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Canadian Government Introduces Important Amendments to the Competition Act

September 21, 2023

On September 21, 2023 the federal government proposed key amendments to the Competition Act (Act). The proposed amendments follow the Prime Minister’s recent announcement that the government would introduce changes to the Act designed to “enhance competition across the Canadian economy, with a focus on the grocery sector, which would help drive down costs for middle-class Canadians.” 

Key Amendments

The proposed amendments are significant, introducing three key changes to the Act:

  • New market study powers. Although the Commissioner of Competition (Commissioner) had sought the power to independently initiate market studies on the state of competition in an industry, the proposed amendments allow for market studies to be initiated only by the Minister of Innovation, Science and Industry. However, the Commissioner will be able to seek a court order compelling third parties to produce information to assist the Commissioner in conducting the market study. 

  • Expanded scope of civil collaborations. The amendments will expand the civil collaboration provision to empower the Competition Tribunal to issue a prohibition order in respect of agreements or arrangements where “a significant purpose of the agreement or arrangement, or any part of it, is to prevent or lessen competition in any market,” even where the parties to the agreement are not competitors. Currently, the Act’s civil collaboration provision only applies to agreements or arrangements between competitors, and only where the agreement or arrangement substantially prevents or lessens competition.

  • Elimination of the “efficiencies defence.” Since it was first introduced in 1986, the efficiencies defence has played a role in only a few of the thousands of mergers reviewed by the Competition Bureau. Despite this, the government has proposed to eliminate the efficiencies defence, which allows mergers with economic efficiency gains to proceed if those efficiency gains outweigh the anti-competitive effects from the merger. A potential consequence of the proposed amendments as drafted is that mergers could be remedied or blocked even where that merger would create cost savings significant enough to lower prices for consumers.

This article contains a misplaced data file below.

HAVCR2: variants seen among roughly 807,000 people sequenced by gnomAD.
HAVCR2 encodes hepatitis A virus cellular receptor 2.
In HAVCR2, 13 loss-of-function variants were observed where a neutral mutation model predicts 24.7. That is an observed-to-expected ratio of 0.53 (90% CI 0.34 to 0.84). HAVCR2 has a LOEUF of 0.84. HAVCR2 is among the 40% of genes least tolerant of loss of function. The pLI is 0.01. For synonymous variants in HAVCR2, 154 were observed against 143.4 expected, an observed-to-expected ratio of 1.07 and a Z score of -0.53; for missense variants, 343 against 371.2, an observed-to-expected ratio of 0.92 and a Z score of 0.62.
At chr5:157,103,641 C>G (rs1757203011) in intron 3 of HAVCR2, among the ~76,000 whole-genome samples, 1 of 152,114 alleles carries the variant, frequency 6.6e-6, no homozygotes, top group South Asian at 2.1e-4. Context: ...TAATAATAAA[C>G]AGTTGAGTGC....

Other Proposed Changes

The proposed amendments arise at a time when the role of competition law in Canada and the potential modernization of the Act has been the centre of considerable discussion. In particular:

  • The Canadian government’s review of competition policy remains ongoing, including the release of a What We Heard report summarizing responses to the consultation.

  • Earlier this week, the New Democratic Party leader introduced a private member's bill proposing even more significant changes to the Act, including expanding the abuse of dominance provision to capture “excessive and unfair selling prices,” imposing harsh bright-line presumptions for mergers, and increasing maximum financial penalties for a range of practices under the Act.

For more information regarding the Prime Minister’s announcement, and the potential impact of these proposed changes to the Act, please see our Blakes Bulletin: Proposed Competition Law Changes Will Affect Merger Planning and Expand the Scope of Competition Bureau Investigations.

For further information, please contact any member of our Competition, Antitrust & Foreign Investment group.